DEVON ANDERSON: Credit for time served, right.

DEAN BECKER: So, Clay, the fact of the matter is, people are beginning to realize that it's more difficult to convince jurors to convict on a drug case, am I right?

CLAY CONRAD: Well, on a user quantity drug case, yeah, I think on commercial cases, someone gets caught with, you know, eight kilos of cocaine, I don't think they're going to get as much sympathy from the jury as they will if they get caught with a couple of rocks and a crack pipe, or a small baggie full of weed. I think for small quantity cases, the public just really doesn't support the stance of using the criminal law as the tool of first choice to address those things anymore.

DEAN BECKER: We've talked about it before, that, I don't know was it 93, 95, 98 percent of drug cases do not even go before a jury because they take the plea bargain, right?

CLAY CONRAD: Well, yeah, and the state is getting more and more lenient in the plea bargain they offer in order to avoid taking those cases to trial. It's pretty difficult as an attorney to advise your client to go to trial, when the evidence is strongly against them and the state is offering just a very mild slap on the wrist if they plead. Now, the other thing is there's so many drug cases in the system, that if 10 percent of them were to end up going to trial, the courts would be hopelessly log-jammed. You would have tens of thousands of additional cases going to trial, there's 22 felony courts and 15 misdemeanor courts in Harris County. It wouldn't take that many additional trials to just totally jam that system up.

DEAN BECKER: That seems like something that should be organized and put together, if you ask me, but I guess that's demanding a lot of courage from those accused, right?

CLAY CONRAD: Well, exactly. It's the sort, it's the prisoner's dilemma, if everybody insisted on a trial, then almost nobody would be convicted.


CLAY CONRAD: But, if only one person insists on a trial, then his chance of being convicted is pretty high. So, getting everyone to agree to go to trial is, as a practical matter, just never going to happen, you're talking about thousands of people who all have to hold hands and hope that nobody else cheats.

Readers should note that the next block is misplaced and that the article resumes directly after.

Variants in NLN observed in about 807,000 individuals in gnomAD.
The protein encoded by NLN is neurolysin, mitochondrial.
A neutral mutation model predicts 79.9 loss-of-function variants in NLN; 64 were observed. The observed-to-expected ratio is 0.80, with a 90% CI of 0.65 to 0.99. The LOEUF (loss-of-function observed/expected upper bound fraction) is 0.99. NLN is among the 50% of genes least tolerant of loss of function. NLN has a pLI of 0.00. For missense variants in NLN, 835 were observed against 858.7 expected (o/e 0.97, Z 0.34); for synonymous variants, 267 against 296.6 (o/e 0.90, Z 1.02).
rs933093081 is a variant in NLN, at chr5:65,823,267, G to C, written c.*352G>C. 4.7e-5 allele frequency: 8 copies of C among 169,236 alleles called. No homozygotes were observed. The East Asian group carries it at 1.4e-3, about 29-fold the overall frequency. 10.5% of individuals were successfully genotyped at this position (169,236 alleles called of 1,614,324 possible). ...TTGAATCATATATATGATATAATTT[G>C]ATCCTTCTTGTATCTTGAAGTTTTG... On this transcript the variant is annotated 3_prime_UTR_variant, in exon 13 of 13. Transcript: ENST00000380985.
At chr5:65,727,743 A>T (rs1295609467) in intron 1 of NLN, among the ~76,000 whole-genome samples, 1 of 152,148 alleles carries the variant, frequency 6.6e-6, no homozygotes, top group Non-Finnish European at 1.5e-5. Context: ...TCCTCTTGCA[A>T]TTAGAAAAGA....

DEAN BECKER: Well, you know, we have this situation where too often, you know, somebody with marijuana in their system is somehow deemed to be even more guilty when they're charged with other crimes. A couple that come to mind, the situation with Ms. Bland, up in Hempstead, where she's arrested and days later they determine she had marijuana in her system, which somehow they think makes her more culpable or guilty, and then we had a more recent case in Houston that's come to light, where this young lady was strip-searched and had a cavity search looking for misdemeanor amounts of marijuana. I've got this clip here from Jason Miller of Houston NORML.

JASON MILLER: My name is Jason Miller, and I'm the executive director of the Houston chapter of NORML.

DEAN BECKER: It seems that recently, we had another in a series of really horrible stories dealing with marijuana and the search thereof. Tell us, please.

JASON MILLER: What you're referring to is a case of a young woman that was pulled over for running a stop sign, and a deputy claimed to smell marijuana. Like a lot of these cases, when they smell the plant, the Fourth Amendment goes out the window. And the woman was actually cavity searched publicly, without a warrant, in a gas station parking lot at night. Two deputies, you know, forced her to the ground, and forcibly spread her legs apart and conducted a manual body cavity search. There was .02 ounces of marijuana found somewhere, we don't know where exactly, but a tiny amount, I mean we're talking about a small joint.